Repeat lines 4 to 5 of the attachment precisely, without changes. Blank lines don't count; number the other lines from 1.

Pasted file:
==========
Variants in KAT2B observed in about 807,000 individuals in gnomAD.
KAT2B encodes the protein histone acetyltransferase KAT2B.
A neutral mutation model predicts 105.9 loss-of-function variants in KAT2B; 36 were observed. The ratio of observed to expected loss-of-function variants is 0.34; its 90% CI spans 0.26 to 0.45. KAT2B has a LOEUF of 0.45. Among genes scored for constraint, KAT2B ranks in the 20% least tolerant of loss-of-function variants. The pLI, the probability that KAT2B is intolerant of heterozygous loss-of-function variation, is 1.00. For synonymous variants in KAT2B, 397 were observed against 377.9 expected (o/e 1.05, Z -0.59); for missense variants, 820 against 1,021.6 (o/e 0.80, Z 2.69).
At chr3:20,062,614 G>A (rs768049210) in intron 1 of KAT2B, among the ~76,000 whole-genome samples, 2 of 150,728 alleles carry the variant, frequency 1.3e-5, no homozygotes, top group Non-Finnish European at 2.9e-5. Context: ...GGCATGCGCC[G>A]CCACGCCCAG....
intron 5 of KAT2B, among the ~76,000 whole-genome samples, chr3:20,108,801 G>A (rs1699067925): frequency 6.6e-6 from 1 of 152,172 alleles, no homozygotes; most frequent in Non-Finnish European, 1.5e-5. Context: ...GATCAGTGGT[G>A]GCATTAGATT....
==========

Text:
At chr3:20,062,614 G>A (rs768049210) in intron 1 of KAT2B, among the ~76,000 whole-genome samples, 2 of 150,728 alleles carry the variant, frequency 1.3e-5, no homozygotes, top group Non-Finnish European at 2.9e-5. Context: ...GGCATGCGCC[G>A]CCACGCCCAG....
intron 5 of KAT2B, among the ~76,000 whole-genome samples, chr3:20,108,801 G>A (rs1699067925): frequency 6.6e-6 from 1 of 152,172 alleles, no homozygotes; most frequent in Non-Finnish European, 1.5e-5. Context: ...GATCAGTGGT[G>A]GCATTAGATT....